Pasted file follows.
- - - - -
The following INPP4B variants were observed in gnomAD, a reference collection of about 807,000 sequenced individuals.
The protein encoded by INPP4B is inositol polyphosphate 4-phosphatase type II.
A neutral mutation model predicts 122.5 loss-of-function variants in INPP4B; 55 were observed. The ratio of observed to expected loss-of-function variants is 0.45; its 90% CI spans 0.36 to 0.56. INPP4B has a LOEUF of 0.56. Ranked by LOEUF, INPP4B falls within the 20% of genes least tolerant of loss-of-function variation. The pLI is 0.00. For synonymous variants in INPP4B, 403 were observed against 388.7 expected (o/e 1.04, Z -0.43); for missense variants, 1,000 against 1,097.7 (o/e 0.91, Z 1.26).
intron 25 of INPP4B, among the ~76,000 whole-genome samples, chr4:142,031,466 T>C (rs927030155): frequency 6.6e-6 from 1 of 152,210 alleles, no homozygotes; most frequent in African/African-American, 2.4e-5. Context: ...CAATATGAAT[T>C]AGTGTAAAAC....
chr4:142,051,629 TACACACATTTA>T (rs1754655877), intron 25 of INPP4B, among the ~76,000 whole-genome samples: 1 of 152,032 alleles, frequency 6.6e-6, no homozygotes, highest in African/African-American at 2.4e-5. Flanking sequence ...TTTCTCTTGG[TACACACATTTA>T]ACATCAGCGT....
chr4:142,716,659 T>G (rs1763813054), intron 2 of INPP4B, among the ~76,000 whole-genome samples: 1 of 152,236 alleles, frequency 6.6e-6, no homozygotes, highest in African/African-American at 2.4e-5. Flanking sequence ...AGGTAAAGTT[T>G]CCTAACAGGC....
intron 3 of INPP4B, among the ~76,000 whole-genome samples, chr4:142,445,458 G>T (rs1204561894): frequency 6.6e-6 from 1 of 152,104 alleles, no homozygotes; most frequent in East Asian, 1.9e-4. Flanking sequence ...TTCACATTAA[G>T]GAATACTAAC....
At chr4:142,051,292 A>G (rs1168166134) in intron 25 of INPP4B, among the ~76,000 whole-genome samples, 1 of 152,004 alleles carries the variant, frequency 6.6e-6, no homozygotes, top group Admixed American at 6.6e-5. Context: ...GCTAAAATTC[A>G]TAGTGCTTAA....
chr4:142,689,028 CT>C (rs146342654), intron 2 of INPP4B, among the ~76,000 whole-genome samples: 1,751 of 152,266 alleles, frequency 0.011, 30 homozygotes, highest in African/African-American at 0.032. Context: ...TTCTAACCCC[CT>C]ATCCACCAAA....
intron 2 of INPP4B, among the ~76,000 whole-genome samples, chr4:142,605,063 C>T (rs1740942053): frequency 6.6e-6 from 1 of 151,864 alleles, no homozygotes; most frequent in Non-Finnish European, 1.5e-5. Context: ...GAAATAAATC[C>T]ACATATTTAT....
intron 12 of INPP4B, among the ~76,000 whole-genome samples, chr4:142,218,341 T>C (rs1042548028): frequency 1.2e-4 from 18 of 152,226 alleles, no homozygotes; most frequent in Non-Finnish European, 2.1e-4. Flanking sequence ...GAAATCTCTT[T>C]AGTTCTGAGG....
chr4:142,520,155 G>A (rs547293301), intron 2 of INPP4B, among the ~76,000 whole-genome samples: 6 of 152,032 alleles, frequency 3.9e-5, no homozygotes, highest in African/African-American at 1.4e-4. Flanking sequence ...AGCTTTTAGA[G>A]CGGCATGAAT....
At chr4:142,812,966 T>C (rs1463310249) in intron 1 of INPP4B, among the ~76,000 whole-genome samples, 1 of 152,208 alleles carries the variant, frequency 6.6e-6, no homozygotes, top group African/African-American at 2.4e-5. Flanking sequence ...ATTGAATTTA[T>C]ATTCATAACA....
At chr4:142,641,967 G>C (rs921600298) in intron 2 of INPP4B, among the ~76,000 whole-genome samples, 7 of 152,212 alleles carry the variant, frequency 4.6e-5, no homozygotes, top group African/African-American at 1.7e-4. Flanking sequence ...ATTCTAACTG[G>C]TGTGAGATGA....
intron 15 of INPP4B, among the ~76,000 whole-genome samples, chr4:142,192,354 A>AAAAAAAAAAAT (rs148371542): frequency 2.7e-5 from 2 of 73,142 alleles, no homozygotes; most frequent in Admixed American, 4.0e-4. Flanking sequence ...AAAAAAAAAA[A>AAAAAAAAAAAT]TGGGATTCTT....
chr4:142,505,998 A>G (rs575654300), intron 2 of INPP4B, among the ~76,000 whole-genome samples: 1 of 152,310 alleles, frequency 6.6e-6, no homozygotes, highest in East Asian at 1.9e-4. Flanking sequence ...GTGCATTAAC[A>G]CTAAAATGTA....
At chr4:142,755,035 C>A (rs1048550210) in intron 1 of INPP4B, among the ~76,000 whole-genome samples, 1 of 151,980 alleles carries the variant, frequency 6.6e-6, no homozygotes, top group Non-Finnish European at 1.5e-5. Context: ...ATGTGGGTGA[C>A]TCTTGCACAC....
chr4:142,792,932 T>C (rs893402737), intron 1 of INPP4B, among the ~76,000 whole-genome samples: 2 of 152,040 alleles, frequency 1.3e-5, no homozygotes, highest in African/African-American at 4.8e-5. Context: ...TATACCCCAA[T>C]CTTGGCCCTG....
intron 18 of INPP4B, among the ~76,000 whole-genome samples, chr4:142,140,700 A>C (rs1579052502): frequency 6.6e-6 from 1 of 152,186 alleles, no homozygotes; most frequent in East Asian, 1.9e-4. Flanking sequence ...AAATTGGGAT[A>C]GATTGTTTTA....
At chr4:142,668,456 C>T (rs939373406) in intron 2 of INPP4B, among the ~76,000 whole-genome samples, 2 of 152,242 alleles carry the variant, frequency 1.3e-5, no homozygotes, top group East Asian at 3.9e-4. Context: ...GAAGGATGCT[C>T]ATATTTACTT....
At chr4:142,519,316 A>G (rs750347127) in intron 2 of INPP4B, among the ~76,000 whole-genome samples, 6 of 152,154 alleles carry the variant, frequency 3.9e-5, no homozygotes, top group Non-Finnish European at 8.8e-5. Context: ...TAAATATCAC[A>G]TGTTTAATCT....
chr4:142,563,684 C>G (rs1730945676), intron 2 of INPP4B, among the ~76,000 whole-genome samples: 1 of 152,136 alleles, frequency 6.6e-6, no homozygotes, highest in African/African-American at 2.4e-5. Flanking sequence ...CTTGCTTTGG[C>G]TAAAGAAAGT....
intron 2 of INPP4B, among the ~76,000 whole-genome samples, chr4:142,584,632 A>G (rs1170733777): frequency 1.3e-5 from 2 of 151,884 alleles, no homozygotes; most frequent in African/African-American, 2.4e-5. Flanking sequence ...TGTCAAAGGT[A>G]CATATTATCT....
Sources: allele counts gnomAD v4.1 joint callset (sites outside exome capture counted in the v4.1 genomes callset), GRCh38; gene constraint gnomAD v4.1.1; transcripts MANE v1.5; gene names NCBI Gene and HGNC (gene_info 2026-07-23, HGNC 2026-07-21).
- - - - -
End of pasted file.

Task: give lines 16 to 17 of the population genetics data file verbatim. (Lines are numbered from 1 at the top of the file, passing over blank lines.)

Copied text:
chr4:142,505,998 A>G (rs575654300), intron 2 of INPP4B, among the ~76,000 whole-genome samples: 1 of 152,310 alleles, frequency 6.6e-6, no homozygotes, highest in East Asian at 1.9e-4. Flanking sequence ...GTGCATTAAC[A>G]CTAAAATGTA....
At chr4:142,755,035 C>A (rs1048550210) in intron 1 of INPP4B, among the ~76,000 whole-genome samples, 1 of 151,980 alleles carries the variant, frequency 6.6e-6, no homozygotes, top group Non-Finnish European at 1.5e-5. Context: ...ATGTGGGTGA[C>A]TCTTGCACAC....